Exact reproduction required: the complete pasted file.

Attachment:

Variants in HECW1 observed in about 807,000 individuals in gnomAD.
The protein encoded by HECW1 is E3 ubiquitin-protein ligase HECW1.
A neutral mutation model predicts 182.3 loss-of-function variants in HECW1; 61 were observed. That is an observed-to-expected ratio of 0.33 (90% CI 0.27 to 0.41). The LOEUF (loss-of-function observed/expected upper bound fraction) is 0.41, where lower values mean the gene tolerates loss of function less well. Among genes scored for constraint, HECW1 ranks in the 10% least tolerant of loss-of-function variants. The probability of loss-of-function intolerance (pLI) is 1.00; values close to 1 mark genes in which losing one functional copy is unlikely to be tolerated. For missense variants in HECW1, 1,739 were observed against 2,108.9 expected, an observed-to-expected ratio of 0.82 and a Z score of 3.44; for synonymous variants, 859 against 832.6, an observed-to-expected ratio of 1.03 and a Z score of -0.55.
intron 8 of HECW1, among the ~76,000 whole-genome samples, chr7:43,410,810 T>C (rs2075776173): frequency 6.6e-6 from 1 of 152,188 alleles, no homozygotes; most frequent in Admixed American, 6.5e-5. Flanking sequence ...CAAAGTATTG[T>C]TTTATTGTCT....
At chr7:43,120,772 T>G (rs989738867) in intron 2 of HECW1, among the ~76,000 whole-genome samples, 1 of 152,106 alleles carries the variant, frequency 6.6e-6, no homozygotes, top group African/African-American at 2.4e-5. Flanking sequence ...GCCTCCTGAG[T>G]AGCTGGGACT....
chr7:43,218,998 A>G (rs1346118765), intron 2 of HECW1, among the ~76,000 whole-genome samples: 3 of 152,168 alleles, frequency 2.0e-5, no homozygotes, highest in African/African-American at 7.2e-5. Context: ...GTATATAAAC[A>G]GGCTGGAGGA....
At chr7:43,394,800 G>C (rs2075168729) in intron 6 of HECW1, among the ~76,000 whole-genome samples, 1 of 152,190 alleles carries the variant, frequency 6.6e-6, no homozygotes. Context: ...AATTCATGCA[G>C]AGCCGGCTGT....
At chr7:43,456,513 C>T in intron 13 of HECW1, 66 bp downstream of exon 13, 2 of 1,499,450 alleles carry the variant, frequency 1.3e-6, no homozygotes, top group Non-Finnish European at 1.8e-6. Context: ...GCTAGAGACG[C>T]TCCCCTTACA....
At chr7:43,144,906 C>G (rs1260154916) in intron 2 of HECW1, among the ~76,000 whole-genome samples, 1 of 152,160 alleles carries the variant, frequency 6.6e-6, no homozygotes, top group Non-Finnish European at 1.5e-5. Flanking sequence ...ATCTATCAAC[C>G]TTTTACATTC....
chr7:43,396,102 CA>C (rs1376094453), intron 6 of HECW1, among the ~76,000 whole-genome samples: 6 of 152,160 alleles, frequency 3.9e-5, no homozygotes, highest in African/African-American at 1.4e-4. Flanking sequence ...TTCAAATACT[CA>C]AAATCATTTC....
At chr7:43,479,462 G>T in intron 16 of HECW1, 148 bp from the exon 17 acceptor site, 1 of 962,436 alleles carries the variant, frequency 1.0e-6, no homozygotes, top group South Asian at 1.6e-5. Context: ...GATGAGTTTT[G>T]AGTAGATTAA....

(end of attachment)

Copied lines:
Variants in HECW1 observed in about 807,000 individuals in gnomAD.
The protein encoded by HECW1 is E3 ubiquitin-protein ligase HECW1.
A neutral mutation model predicts 182.3 loss-of-function variants in HECW1; 61 were observed. That is an observed-to-expected ratio of 0.33 (90% CI 0.27 to 0.41). The LOEUF (loss-of-function observed/expected upper bound fraction) is 0.41, where lower values mean the gene tolerates loss of function less well. Among genes scored for constraint, HECW1 ranks in the 10% least tolerant of loss-of-function variants. The probability of loss-of-function intolerance (pLI) is 1.00; values close to 1 mark genes in which losing one functional copy is unlikely to be tolerated. For missense variants in HECW1, 1,739 were observed against 2,108.9 expected, an observed-to-expected ratio of 0.82 and a Z score of 3.44; for synonymous variants, 859 against 832.6, an observed-to-expected ratio of 1.03 and a Z score of -0.55.
intron 8 of HECW1, among the ~76,000 whole-genome samples, chr7:43,410,810 T>C (rs2075776173): frequency 6.6e-6 from 1 of 152,188 alleles, no homozygotes; most frequent in Admixed American, 6.5e-5. Flanking sequence ...CAAAGTATTG[T>C]TTTATTGTCT....
At chr7:43,120,772 T>G (rs989738867) in intron 2 of HECW1, among the ~76,000 whole-genome samples, 1 of 152,106 alleles carries the variant, frequency 6.6e-6, no homozygotes, top group African/African-American at 2.4e-5. Flanking sequence ...GCCTCCTGAG[T>G]AGCTGGGACT....
chr7:43,218,998 A>G (rs1346118765), intron 2 of HECW1, among the ~76,000 whole-genome samples: 3 of 152,168 alleles, frequency 2.0e-5, no homozygotes, highest in African/African-American at 7.2e-5. Context: ...GTATATAAAC[A>G]GGCTGGAGGA....
At chr7:43,394,800 G>C (rs2075168729) in intron 6 of HECW1, among the ~76,000 whole-genome samples, 1 of 152,190 alleles carries the variant, frequency 6.6e-6, no homozygotes. Context: ...AATTCATGCA[G>C]AGCCGGCTGT....
At chr7:43,456,513 C>T in intron 13 of HECW1, 66 bp downstream of exon 13, 2 of 1,499,450 alleles carry the variant, frequency 1.3e-6, no homozygotes, top group Non-Finnish European at 1.8e-6. Context: ...GCTAGAGACG[C>T]TCCCCTTACA....
At chr7:43,144,906 C>G (rs1260154916) in intron 2 of HECW1, among the ~76,000 whole-genome samples, 1 of 152,160 alleles carries the variant, frequency 6.6e-6, no homozygotes, top group Non-Finnish European at 1.5e-5. Flanking sequence ...ATCTATCAAC[C>G]TTTTACATTC....
chr7:43,396,102 CA>C (rs1376094453), intron 6 of HECW1, among the ~76,000 whole-genome samples: 6 of 152,160 alleles, frequency 3.9e-5, no homozygotes, highest in African/African-American at 1.4e-4. Flanking sequence ...TTCAAATACT[CA>C]AAATCATTTC....
At chr7:43,479,462 G>T in intron 16 of HECW1, 148 bp from the exon 17 acceptor site, 1 of 962,436 alleles carries the variant, frequency 1.0e-6, no homozygotes, top group South Asian at 1.6e-5. Context: ...GATGAGTTTT[G>T]AGTAGATTAA....